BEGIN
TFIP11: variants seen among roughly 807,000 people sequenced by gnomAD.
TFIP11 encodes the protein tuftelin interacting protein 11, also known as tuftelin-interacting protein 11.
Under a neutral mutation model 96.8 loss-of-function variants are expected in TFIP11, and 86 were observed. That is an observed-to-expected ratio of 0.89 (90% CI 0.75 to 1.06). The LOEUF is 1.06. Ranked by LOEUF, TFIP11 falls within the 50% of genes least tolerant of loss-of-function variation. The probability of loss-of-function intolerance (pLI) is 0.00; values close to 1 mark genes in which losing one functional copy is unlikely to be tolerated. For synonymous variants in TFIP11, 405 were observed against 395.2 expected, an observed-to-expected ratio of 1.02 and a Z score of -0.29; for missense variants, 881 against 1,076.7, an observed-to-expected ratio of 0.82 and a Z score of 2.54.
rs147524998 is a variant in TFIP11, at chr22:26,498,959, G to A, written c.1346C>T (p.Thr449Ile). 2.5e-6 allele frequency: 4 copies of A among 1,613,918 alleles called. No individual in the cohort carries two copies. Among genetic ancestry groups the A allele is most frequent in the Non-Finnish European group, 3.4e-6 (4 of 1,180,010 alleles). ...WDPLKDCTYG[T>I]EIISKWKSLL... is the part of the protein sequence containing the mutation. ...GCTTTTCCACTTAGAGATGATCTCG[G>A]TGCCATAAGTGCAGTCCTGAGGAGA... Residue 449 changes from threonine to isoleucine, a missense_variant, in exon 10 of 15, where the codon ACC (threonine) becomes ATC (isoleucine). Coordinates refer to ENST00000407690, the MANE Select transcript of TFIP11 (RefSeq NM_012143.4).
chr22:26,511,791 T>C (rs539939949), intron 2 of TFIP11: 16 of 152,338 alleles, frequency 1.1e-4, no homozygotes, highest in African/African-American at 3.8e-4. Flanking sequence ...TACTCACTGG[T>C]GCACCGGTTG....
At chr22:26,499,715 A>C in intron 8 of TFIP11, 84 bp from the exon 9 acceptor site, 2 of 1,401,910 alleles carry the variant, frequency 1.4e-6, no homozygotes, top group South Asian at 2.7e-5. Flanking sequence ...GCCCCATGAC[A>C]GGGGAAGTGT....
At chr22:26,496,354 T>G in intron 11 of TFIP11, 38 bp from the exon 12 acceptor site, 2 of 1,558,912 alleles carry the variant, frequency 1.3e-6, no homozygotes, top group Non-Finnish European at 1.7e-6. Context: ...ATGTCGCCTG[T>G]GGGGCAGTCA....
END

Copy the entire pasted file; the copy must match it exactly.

TFIP11: variants seen among roughly 807,000 people sequenced by gnomAD.
TFIP11 encodes the protein tuftelin interacting protein 11, also known as tuftelin-interacting protein 11.
Under a neutral mutation model 96.8 loss-of-function variants are expected in TFIP11, and 86 were observed. That is an observed-to-expected ratio of 0.89 (90% CI 0.75 to 1.06). The LOEUF is 1.06. Ranked by LOEUF, TFIP11 falls within the 50% of genes least tolerant of loss-of-function variation. The probability of loss-of-function intolerance (pLI) is 0.00; values close to 1 mark genes in which losing one functional copy is unlikely to be tolerated. For synonymous variants in TFIP11, 405 were observed against 395.2 expected, an observed-to-expected ratio of 1.02 and a Z score of -0.29; for missense variants, 881 against 1,076.7, an observed-to-expected ratio of 0.82 and a Z score of 2.54.
rs147524998 is a variant in TFIP11, at chr22:26,498,959, G to A, written c.1346C>T (p.Thr449Ile). 2.5e-6 allele frequency: 4 copies of A among 1,613,918 alleles called. No individual in the cohort carries two copies. Among genetic ancestry groups the A allele is most frequent in the Non-Finnish European group, 3.4e-6 (4 of 1,180,010 alleles). ...WDPLKDCTYG[T>I]EIISKWKSLL... is the part of the protein sequence containing the mutation. ...GCTTTTCCACTTAGAGATGATCTCG[G>A]TGCCATAAGTGCAGTCCTGAGGAGA... Residue 449 changes from threonine to isoleucine, a missense_variant, in exon 10 of 15, where the codon ACC (threonine) becomes ATC (isoleucine). Coordinates refer to ENST00000407690, the MANE Select transcript of TFIP11 (RefSeq NM_012143.4).
chr22:26,511,791 T>C (rs539939949), intron 2 of TFIP11: 16 of 152,338 alleles, frequency 1.1e-4, no homozygotes, highest in African/African-American at 3.8e-4. Flanking sequence ...TACTCACTGG[T>C]GCACCGGTTG....
At chr22:26,499,715 A>C in intron 8 of TFIP11, 84 bp from the exon 9 acceptor site, 2 of 1,401,910 alleles carry the variant, frequency 1.4e-6, no homozygotes, top group South Asian at 2.7e-5. Flanking sequence ...GCCCCATGAC[A>C]GGGGAAGTGT....
At chr22:26,496,354 T>G in intron 11 of TFIP11, 38 bp from the exon 12 acceptor site, 2 of 1,558,912 alleles carry the variant, frequency 1.3e-6, no homozygotes, top group Non-Finnish European at 1.7e-6. Context: ...ATGTCGCCTG[T>G]GGGGCAGTCA....